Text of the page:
The peculiar methodology of the research assessment exercise was always likely to produce strange league tables ("Reviewers raise concerns about RAE gameplaying", 8 January). Take the composition of the sub-panels: 15 or so senior UK academics, some of whom were nominated by subject associations, ploughing through hundreds of outputs.
No one could claim that all those outputs were RAE-assessed with the expertise brought to them by their publishers' readers. That community - which really does represent world opinion - would be better served by journal rankings.
Without disrespect to the people concerned, it would require unusual fortitude in a subject association nominee not to feel that he or she was there to ensure that the picture looked as rosy as possible when shown to the funding council purse-holders. On both counts, the secrecy of the panel meetings is scandalous.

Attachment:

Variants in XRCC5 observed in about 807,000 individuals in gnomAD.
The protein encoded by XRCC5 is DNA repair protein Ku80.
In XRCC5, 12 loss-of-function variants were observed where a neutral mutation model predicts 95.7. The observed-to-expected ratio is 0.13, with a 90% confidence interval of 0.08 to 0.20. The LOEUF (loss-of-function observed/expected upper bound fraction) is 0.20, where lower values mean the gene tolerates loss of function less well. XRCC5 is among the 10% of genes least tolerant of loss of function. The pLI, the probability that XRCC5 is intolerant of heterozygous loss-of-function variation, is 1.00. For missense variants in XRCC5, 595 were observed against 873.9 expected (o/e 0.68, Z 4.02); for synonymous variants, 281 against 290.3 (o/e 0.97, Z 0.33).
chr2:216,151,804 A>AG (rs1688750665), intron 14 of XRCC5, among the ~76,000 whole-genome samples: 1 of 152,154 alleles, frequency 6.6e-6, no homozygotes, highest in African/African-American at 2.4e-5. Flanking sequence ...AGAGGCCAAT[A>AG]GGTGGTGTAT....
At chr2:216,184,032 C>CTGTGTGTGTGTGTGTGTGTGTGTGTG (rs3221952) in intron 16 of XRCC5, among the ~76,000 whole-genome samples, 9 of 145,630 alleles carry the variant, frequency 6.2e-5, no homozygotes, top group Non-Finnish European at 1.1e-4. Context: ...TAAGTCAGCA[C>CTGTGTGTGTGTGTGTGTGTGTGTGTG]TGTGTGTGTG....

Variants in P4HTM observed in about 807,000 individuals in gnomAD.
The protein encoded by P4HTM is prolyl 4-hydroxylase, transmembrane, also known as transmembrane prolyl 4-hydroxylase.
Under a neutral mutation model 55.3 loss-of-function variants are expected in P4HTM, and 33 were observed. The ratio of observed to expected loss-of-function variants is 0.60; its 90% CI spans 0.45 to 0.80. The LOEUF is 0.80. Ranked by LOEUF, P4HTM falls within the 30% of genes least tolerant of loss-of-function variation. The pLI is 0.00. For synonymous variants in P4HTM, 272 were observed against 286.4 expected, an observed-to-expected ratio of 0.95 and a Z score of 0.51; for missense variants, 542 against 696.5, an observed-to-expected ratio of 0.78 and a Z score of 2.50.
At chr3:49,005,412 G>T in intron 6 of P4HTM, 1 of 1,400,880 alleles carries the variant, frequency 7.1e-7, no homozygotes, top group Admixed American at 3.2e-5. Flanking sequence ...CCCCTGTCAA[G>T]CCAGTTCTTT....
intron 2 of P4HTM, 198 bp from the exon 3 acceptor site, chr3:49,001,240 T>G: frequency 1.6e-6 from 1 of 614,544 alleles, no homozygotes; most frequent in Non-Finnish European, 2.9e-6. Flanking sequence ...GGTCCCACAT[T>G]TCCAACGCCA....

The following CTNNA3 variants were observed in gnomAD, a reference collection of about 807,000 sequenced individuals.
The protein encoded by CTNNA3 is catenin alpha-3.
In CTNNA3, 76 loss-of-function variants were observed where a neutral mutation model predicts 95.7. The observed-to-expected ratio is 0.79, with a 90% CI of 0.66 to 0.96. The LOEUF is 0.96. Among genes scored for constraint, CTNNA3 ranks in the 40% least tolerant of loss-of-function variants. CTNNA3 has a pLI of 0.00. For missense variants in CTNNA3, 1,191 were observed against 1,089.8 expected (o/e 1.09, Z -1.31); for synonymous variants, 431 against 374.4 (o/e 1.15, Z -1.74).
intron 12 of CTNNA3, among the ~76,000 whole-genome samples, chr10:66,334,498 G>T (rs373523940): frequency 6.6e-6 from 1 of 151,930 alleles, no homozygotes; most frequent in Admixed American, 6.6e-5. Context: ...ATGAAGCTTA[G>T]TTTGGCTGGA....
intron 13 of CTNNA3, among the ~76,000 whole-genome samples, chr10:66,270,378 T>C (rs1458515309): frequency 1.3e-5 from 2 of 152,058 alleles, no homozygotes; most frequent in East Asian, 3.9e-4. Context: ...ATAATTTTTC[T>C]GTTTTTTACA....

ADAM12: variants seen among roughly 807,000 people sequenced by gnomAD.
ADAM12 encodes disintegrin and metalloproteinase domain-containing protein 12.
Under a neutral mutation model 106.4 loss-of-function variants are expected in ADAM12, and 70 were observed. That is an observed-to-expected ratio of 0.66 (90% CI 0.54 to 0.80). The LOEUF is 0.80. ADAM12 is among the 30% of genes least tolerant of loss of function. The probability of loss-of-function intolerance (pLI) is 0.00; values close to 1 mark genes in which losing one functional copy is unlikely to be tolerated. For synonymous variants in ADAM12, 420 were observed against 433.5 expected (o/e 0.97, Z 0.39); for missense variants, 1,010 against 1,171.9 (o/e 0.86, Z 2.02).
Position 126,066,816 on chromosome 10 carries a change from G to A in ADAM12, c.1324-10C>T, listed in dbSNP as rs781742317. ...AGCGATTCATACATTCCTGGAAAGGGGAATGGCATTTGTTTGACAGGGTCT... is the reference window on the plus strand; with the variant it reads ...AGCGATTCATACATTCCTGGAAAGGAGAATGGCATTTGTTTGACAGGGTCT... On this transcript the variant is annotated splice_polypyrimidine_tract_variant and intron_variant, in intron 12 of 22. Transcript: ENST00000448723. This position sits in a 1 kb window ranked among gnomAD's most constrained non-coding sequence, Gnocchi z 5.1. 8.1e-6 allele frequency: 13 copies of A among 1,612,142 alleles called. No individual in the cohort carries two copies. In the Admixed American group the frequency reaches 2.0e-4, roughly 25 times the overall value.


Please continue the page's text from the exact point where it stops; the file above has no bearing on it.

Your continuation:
And who on earth dreamt up the idea that you can judge the research environment of a department or university without knowing what proportion of staff take part in it?
David Roberts, Newman University College.